- Deep peels, although not often used much anymore, still have utility in the treatment of fine lines/wrinkles and textural abnormalities. A chemical called phenol was first used in the early 1950s for anti-aging purposes, demonstrating dramatic results in the improvement of skin texture and appearance. Deep peels, if done correctly, cause coagulation necrosis (cell death) down to the level of the deep dermis, inducing extensive collagen rejuvenation and remodeling through the wound healing process. The new skin typically appears after 1-2 weeks following the procedure. Deep peels are often performed in the hospital setting with IV sedation and cardiac monitoring due to associated discomfort and risk of cardiotoxicity. As a result of the prolonged downtime with this type of chemical peel, few people elect to undergo this procedure. Despite the delayed recovery, the results are often dramatic and long-lasting. Deep peeling agents include phenol and trichloroacetic acid.
Am I a candidate for chemical peels?
The ideal patient for chemical peels is one with fair skin and light hair; however, various superficial peels can be performed on those with darker skin types with good results. Realistic expectations and a thorough understanding of the procedure is required prior to this procedure. Many different types of chemical peeling agents exist and your doctor will choose which one is best for your specific needs and skin type. Smoking is also a relative contraindication to the procedure. Smoking has been shown to slow the wound healing process and may prolong and complicate a normal recovery.
What are the risks associated with chemical peels?
Serious adverse effects rarely occur with chemical peels, but certain risks do exist. Although infrequent, scarring, infection, swelling, hypopigmentation, hyperpigmentation, and the development of cold sores may occur. It is important to follow specific post-treatment instructions to minimize risk and facilitate good results.
What should I expect during the procedure?
Prior to a chemical peel, the provider will cleanse the skin with an antiseptic and remove any left-over surface oils with acetone. The chemical solution will then be applied to the treatment area with either a brush or a gauze pad and left in place for approximately 2-10 minutes depending on the peeling agent being used. During the procedure, a slight to moderate burning pain may be experienced. The more superficial the peel, the less associated discomfort. After the desired application time, depending on the chemical peel used, such as glycolic acid, a neutralizer solution will be applied to the face to “neutralize” the acid and stop any further penetration from occurring. Generally speaking, chemical peels that leave a frost; TCA, Jessner’s solution, and salicylic acid, do not require neutralization. The provider will often apply a moisturizer cream or ointment to the treatment location in addition to a layer of sunscreen.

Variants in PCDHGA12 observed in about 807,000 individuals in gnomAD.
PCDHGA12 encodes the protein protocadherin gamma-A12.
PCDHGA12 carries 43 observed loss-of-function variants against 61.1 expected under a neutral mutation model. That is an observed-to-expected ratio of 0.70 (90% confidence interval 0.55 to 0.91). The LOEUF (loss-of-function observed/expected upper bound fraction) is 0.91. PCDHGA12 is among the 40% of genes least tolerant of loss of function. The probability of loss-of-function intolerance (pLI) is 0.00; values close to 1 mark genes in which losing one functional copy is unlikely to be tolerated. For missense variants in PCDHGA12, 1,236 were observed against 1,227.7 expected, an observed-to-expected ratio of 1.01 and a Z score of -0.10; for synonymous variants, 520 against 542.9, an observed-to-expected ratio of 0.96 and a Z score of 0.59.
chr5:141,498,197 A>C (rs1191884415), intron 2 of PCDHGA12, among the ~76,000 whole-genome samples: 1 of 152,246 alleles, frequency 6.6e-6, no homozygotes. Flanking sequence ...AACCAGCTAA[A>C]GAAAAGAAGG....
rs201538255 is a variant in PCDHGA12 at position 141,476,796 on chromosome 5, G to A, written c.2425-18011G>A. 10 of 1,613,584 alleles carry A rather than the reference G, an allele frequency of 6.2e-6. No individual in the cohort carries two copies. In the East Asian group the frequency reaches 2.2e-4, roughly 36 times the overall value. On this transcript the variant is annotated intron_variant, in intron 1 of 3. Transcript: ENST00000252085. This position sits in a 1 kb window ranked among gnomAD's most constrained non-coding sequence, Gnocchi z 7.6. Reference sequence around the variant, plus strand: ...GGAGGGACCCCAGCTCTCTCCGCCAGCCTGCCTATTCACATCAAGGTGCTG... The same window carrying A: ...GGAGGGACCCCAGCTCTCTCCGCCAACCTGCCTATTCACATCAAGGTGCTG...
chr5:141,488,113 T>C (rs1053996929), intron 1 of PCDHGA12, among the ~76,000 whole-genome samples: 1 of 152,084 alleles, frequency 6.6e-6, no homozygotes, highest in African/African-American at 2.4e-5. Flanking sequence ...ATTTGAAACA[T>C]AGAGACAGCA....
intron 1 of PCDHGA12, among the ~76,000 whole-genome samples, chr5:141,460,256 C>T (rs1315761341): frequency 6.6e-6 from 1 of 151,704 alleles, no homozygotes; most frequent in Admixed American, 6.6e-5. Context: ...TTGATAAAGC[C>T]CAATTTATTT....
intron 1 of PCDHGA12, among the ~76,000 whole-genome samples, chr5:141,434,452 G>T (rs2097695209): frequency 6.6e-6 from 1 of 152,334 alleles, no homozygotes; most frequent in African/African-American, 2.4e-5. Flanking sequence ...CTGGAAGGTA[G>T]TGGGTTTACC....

What should I expect after a chemical peel?
Depending on the depth of the peel, redness and swelling are common and often resolve within 12-72 hours following the procedure. Deep peels, on the other hand, cause significant redness and swelling, often taking several weeks for resolution. After most chemical peels, the skin will be red, tight, and swollen. Immediately following the peel, it is recommended to apply petrolatum ointment to help keep the skin moisturized. NSAIDs, ice packs, or a fan may be used to help relieve discomfort. It is imperative to avoid sun exposure following any chemical peels. The reason behind this recommendation is that our skin barrier is compromised, decreasing our bodies ability to protect our skin from the sun’s ultraviolet radiation, potentially leading to the development of skin cancer down the road. It typically takes 48 hours before any peeling occurs and may last from 2-10 days depending on the peeling agent used. Your regular skin-care regimen may be resumed once the skin appears to be well healed with minimal redness, peeling, and swelling; usually within 2-5 days. Tretinoin, a topical vitamin A medication, may be resumed 7-14 days following the peel and should be stopped at least 5-7 days before any subsequent chemical peel treatments.
How can I prolong the results?
Chemical peels often provide only temporary improvement if a routine anti-aging skin care regimen is not undertaken. Topical regimens are vital in prolonging the results obtained from chemical peels. It is highly recommended to speak with your dermatologist about starting an effective anti-aging regimen incorporating a broad spectrum sunscreen, topical retinoids (vitamin A), topical antioxidants, and a good moisturizer.
Photo Credit: Theperfectdermapeel.com, Headandneckcancerguide.org, Family West Dentistry, Naturalskinshop.com
Cox SE, Soderberg J, Butterwick KJ. Chemical Peels. In: Robinson JK, Hanke CW, Siegel DM, et al. Surgery of the Skin: Procedural Dermatology. Elsevier; 2010:394-412.
Please note, our medical disclaimer applies to all information, images, recommendations, and comments published on this page.